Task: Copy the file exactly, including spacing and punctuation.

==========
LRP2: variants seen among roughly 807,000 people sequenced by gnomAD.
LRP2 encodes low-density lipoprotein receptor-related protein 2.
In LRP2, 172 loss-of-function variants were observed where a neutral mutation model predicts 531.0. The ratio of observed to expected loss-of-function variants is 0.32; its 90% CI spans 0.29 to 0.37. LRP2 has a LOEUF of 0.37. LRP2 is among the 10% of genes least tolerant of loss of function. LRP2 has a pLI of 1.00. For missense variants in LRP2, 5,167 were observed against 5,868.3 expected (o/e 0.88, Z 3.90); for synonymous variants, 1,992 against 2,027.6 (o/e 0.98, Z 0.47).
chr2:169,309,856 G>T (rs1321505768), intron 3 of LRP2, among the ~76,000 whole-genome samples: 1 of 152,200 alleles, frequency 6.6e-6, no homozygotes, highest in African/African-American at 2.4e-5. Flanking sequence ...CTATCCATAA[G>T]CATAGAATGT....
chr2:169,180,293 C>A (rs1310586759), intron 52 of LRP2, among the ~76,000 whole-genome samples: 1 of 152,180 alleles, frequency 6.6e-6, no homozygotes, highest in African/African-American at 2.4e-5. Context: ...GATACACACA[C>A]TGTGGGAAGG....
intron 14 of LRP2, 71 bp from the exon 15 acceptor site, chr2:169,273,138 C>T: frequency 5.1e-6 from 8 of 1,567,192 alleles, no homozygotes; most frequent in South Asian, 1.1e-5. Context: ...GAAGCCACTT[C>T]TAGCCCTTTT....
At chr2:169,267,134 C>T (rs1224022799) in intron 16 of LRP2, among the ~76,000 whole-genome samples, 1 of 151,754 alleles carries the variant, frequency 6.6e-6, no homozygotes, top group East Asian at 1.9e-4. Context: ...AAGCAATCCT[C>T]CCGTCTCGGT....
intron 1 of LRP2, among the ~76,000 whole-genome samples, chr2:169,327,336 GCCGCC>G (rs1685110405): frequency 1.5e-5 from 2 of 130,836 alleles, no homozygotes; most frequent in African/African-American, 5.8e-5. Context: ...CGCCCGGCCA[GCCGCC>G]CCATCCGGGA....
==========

LRP2: variants seen among roughly 807,000 people sequenced by gnomAD.
LRP2 encodes low-density lipoprotein receptor-related protein 2.
In LRP2, 172 loss-of-function variants were observed where a neutral mutation model predicts 531.0. The ratio of observed to expected loss-of-function variants is 0.32; its 90% CI spans 0.29 to 0.37. LRP2 has a LOEUF of 0.37. LRP2 is among the 10% of genes least tolerant of loss of function. LRP2 has a pLI of 1.00. For missense variants in LRP2, 5,167 were observed against 5,868.3 expected (o/e 0.88, Z 3.90); for synonymous variants, 1,992 against 2,027.6 (o/e 0.98, Z 0.47).
chr2:169,309,856 G>T (rs1321505768), intron 3 of LRP2, among the ~76,000 whole-genome samples: 1 of 152,200 alleles, frequency 6.6e-6, no homozygotes, highest in African/African-American at 2.4e-5. Flanking sequence ...CTATCCATAA[G>T]CATAGAATGT....
chr2:169,180,293 C>A (rs1310586759), intron 52 of LRP2, among the ~76,000 whole-genome samples: 1 of 152,180 alleles, frequency 6.6e-6, no homozygotes, highest in African/African-American at 2.4e-5. Context: ...GATACACACA[C>A]TGTGGGAAGG....
intron 14 of LRP2, 71 bp from the exon 15 acceptor site, chr2:169,273,138 C>T: frequency 5.1e-6 from 8 of 1,567,192 alleles, no homozygotes; most frequent in South Asian, 1.1e-5. Context: ...GAAGCCACTT[C>T]TAGCCCTTTT....
At chr2:169,267,134 C>T (rs1224022799) in intron 16 of LRP2, among the ~76,000 whole-genome samples, 1 of 151,754 alleles carries the variant, frequency 6.6e-6, no homozygotes, top group East Asian at 1.9e-4. Context: ...AAGCAATCCT[C>T]CCGTCTCGGT....
intron 1 of LRP2, among the ~76,000 whole-genome samples, chr2:169,327,336 GCCGCC>G (rs1685110405): frequency 1.5e-5 from 2 of 130,836 alleles, no homozygotes; most frequent in African/African-American, 5.8e-5. Context: ...CGCCCGGCCA[GCCGCC>G]CCATCCGGGA....